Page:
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Road Bike Drivetrains and Using Cable Liner to Keep It Clean and Light… And What to Do About Rattles for Internally Routed Cables

Cable liner is used on internally routed mountain, gravel and road bike drivetrains. It’s considerably lighter than cable housing and can keep your cables from being exposed to the elements.  There is a weight trade-off for the weight wienies, but it’s not enough for me to worry about – liner is extremely light.

The most common place to use cable liner is at the bottom bracket cable guide located under the bottom bracket shell (though some will use it the entire length of the exposed cable inside the bike’s frame to help with rattles – I’ll cover that later):


One can imagine how gnarly the cables would become over time if they were left exposed to road grime and rain…

The center cable goes to the front derailleur.  The one on our right goes to the rear derailleur.  

Now, when I picked up my Venge at the bike shop, the front derailleur cable liner only poked out of the frame by an inch or two.  When I changed out the shifter cables after four years (double what is recommended for exterior routed cable systems, but a little quick for interior routing), I decided to go all out.  Go big, as they say.

On the left, the bike is rubber-side down, but it’s a little tough to get a decent photo.  The photo on the right is with the bike rubber-side up and with the tire removed for clarity… so basically, what I’ve got is a 6″ piece of cable liner for the rear derailleur cable, but a piece that runs from the inside of the top tube at the cable guide, all the way up to about an inch below the front derailleur cable bolt.  About 3″ longer than what was originally provided, and enough that it keeps most dirt away from the cable.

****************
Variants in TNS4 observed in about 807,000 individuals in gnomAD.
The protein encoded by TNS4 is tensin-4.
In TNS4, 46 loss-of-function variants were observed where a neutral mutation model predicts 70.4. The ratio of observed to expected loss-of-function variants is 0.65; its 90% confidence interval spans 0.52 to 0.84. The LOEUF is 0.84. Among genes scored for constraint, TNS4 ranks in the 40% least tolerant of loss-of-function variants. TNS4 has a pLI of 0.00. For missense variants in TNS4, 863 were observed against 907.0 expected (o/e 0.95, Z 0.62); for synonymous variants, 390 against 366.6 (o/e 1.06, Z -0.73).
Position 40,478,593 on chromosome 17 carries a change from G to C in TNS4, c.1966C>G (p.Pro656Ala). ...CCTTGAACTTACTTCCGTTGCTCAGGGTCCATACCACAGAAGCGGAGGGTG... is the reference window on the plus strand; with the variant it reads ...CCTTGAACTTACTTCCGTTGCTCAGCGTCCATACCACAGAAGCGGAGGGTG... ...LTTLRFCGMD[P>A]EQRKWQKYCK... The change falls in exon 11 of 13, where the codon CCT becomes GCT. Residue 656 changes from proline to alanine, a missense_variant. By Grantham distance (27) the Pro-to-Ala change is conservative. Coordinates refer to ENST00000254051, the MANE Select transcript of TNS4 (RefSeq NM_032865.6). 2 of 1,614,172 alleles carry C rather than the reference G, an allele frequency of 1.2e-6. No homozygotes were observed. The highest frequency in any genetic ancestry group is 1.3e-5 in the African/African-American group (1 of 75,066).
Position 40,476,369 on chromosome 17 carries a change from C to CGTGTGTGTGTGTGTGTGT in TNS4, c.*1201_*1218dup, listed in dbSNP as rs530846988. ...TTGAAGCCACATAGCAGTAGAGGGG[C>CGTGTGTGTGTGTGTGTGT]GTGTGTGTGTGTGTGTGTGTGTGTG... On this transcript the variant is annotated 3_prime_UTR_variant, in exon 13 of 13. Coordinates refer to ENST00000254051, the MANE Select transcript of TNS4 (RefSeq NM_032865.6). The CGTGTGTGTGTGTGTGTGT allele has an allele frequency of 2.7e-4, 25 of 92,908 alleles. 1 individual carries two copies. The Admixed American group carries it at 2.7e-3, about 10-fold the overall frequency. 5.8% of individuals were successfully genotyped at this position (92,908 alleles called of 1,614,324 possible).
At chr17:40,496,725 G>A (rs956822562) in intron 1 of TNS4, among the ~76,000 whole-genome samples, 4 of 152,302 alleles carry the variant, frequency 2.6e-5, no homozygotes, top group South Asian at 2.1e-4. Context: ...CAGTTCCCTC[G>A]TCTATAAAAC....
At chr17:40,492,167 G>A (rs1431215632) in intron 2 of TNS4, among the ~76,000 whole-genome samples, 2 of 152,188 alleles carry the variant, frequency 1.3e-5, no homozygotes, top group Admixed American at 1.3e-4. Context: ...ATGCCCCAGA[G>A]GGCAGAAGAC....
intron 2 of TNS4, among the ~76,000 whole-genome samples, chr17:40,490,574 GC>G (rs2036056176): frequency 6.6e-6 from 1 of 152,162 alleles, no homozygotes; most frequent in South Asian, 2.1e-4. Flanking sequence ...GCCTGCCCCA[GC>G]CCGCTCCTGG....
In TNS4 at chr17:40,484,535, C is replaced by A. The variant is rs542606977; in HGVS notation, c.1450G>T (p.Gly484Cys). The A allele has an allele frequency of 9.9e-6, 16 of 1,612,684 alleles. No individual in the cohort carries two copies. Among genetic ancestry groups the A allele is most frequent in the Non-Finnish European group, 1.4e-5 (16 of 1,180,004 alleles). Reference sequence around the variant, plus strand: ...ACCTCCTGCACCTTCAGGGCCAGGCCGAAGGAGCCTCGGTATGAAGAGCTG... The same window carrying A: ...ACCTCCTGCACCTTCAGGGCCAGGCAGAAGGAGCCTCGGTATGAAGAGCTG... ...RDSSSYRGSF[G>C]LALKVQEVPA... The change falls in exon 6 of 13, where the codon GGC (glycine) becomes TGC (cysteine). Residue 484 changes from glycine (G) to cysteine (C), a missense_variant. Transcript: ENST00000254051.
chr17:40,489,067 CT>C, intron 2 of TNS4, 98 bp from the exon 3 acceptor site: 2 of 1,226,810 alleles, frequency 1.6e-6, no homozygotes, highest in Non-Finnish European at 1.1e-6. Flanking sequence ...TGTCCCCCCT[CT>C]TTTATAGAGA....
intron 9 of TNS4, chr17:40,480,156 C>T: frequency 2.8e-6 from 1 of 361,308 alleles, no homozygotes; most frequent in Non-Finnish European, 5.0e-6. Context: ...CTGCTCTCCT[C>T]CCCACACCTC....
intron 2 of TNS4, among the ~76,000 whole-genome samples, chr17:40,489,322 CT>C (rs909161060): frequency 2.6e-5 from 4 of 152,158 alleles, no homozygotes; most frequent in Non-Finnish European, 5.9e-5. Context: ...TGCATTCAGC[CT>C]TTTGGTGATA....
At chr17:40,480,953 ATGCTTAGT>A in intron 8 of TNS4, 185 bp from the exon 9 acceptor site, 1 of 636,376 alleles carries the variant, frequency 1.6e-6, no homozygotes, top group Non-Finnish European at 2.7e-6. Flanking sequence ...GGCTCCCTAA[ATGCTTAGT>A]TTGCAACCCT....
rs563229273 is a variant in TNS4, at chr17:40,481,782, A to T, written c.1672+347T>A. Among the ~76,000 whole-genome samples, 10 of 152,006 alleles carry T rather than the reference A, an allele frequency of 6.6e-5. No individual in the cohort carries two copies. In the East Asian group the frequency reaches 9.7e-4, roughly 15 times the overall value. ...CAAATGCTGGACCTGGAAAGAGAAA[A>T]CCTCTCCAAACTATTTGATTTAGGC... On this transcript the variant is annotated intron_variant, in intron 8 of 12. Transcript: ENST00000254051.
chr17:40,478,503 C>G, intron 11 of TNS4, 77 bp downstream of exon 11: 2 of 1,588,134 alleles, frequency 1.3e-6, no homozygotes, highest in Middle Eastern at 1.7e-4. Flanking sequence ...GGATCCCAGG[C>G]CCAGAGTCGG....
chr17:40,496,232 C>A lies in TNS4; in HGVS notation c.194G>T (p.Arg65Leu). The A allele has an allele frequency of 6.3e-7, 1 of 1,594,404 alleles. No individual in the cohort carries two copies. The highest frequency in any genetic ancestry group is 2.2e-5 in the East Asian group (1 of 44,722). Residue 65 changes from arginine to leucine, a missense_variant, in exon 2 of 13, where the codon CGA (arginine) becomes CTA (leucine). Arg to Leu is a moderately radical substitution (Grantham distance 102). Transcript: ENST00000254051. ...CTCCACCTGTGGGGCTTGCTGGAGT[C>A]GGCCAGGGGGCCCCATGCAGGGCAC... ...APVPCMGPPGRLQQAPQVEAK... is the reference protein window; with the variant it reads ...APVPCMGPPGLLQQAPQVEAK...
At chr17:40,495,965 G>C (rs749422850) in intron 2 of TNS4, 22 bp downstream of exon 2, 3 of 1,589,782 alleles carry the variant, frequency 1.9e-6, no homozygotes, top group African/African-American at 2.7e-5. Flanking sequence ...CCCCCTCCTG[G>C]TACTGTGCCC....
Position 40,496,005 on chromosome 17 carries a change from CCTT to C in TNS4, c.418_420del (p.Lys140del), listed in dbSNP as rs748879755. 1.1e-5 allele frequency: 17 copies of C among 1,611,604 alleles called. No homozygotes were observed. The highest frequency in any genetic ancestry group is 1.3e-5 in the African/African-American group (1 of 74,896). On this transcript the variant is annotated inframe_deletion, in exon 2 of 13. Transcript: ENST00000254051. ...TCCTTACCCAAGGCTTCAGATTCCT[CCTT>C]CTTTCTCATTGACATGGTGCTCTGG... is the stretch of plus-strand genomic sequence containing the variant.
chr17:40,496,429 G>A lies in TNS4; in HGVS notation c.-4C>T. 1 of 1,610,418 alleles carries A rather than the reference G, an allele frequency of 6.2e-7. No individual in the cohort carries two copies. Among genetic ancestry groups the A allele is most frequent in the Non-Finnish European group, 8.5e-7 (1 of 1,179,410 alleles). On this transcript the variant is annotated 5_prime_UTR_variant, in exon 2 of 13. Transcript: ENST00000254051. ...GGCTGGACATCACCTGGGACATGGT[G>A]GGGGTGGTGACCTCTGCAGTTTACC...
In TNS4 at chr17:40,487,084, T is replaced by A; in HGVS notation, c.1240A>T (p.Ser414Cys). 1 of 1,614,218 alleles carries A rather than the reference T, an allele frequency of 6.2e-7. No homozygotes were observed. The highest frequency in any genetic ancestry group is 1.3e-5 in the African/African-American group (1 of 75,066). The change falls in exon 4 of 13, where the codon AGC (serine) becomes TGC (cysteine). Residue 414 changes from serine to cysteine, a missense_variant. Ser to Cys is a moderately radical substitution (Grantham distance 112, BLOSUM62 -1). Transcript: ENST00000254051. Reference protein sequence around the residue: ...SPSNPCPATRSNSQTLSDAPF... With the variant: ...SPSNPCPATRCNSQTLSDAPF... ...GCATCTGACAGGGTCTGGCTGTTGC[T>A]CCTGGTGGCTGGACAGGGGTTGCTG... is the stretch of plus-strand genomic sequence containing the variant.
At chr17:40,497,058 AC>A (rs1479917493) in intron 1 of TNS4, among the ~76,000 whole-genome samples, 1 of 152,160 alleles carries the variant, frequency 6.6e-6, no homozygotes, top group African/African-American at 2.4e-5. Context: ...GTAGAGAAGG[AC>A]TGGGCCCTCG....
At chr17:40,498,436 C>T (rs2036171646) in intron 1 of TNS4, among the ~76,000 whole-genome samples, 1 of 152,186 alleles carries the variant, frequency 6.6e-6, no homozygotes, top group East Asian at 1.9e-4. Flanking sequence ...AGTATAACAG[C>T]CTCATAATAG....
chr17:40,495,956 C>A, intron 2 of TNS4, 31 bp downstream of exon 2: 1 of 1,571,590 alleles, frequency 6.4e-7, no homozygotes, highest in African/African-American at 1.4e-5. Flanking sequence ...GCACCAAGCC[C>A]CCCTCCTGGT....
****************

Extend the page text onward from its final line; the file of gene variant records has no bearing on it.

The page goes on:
Now, the cable liner is not to be confused with the cable housing.  Cable housings are 4 or 5 mm, while the liner is anywhere from 1.6 to 1.9 mm depending on the manufacturer.  On a road bike, your brake cables are going to be around 1.5 mm and your shift cables are 1.1 or 1.2 mm.  Most of the liner you’ll find on the web is the 1.8 or 1.9 mm (1.8 for the black non-coated and 1.9 for the lube-coated – white).  I’m obviously partial to the non-coated and I use the liner for not only protecting the cables on the bike, but as a guide to run the internal cables without fuss.  

20200115_0611508692555482018040516.jpg
The plastic and two metal pieces are ferrules or end caps.

Cable liner can be found online in 30 meter rolls (90 feet) for $10 to $15.  

In a future post, I’m going to try to use cable liner on my Trek 5200.  The cables are externally routed on that bike so I’m going to try to cover up the rest of the cable that usually sits exposed and see what happens….  more on that later.

Now let’s get to the internal routing rattles.  Rattling was a problem in older internally routed bikes but most brands have addressed the issue with housing stop inserts.  The inserts keep the cable from resting on, or hitting, the frame.